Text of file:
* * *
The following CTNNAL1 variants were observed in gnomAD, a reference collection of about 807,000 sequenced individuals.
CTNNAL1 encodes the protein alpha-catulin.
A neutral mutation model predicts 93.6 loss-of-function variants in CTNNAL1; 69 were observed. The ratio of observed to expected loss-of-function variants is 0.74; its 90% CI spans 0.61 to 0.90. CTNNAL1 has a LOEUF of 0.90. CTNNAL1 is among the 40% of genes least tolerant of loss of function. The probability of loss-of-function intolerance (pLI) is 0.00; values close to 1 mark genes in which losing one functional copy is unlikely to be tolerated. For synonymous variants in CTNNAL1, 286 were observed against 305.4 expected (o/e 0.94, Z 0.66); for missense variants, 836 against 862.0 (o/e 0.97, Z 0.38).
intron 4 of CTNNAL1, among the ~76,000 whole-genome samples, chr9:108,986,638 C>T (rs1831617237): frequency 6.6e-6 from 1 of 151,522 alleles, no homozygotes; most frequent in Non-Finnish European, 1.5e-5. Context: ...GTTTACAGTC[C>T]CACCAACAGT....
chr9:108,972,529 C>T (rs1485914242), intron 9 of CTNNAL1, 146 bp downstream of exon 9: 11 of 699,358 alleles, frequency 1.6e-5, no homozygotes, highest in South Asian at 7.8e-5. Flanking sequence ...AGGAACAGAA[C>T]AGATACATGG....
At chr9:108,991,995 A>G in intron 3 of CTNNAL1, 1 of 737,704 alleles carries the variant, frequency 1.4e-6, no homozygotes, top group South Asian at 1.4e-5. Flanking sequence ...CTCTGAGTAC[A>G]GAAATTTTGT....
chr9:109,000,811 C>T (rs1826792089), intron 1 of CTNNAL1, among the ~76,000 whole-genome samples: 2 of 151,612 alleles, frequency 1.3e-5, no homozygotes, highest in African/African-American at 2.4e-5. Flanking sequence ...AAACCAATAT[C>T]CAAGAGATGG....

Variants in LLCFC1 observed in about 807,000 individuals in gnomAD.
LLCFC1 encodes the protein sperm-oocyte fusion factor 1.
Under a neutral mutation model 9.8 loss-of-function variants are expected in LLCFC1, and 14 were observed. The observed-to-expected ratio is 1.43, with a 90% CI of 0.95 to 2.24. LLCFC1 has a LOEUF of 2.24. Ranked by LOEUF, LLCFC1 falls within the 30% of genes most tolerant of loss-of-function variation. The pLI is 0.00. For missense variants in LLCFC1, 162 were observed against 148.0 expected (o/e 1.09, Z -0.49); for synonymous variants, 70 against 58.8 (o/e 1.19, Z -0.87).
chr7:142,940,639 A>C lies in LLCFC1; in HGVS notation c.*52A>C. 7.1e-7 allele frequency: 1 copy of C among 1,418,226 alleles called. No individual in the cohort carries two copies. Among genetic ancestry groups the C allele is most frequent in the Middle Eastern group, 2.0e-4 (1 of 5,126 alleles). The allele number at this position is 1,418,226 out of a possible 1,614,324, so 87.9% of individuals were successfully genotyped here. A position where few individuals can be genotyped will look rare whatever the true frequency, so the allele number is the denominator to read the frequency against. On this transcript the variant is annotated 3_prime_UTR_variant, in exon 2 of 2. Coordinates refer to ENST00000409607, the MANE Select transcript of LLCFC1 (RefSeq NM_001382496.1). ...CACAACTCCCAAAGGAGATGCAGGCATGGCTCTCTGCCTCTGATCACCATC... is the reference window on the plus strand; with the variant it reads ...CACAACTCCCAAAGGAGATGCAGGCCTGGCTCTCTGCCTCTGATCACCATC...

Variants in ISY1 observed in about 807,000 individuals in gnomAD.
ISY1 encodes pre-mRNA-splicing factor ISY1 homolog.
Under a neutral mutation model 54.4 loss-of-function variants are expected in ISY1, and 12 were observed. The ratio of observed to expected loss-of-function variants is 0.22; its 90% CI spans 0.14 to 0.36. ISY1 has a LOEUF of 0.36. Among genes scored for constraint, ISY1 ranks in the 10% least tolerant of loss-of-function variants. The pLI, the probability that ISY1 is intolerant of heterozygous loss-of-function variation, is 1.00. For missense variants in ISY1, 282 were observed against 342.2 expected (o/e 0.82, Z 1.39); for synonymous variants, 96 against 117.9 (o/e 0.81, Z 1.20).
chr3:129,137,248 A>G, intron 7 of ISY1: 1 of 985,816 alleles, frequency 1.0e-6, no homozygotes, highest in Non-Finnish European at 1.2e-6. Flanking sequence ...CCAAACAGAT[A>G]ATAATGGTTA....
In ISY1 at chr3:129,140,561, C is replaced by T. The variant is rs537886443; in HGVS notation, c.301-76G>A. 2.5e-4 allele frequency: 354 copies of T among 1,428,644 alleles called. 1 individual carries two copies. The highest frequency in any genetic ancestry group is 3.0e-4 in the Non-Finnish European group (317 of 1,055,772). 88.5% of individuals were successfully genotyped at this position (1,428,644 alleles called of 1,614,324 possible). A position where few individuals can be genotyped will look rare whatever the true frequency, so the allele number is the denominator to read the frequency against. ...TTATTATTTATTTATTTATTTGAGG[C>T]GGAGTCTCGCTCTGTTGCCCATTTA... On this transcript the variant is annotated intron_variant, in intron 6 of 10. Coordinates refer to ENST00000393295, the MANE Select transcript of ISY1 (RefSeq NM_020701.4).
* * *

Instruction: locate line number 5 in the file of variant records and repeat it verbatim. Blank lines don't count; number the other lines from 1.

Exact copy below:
chr9:108,972,529 C>T (rs1485914242), intron 9 of CTNNAL1, 146 bp downstream of exon 9: 11 of 699,358 alleles, frequency 1.6e-5, no homozygotes, highest in South Asian at 7.8e-5. Flanking sequence ...AGGAACAGAA[C>T]AGATACATGG....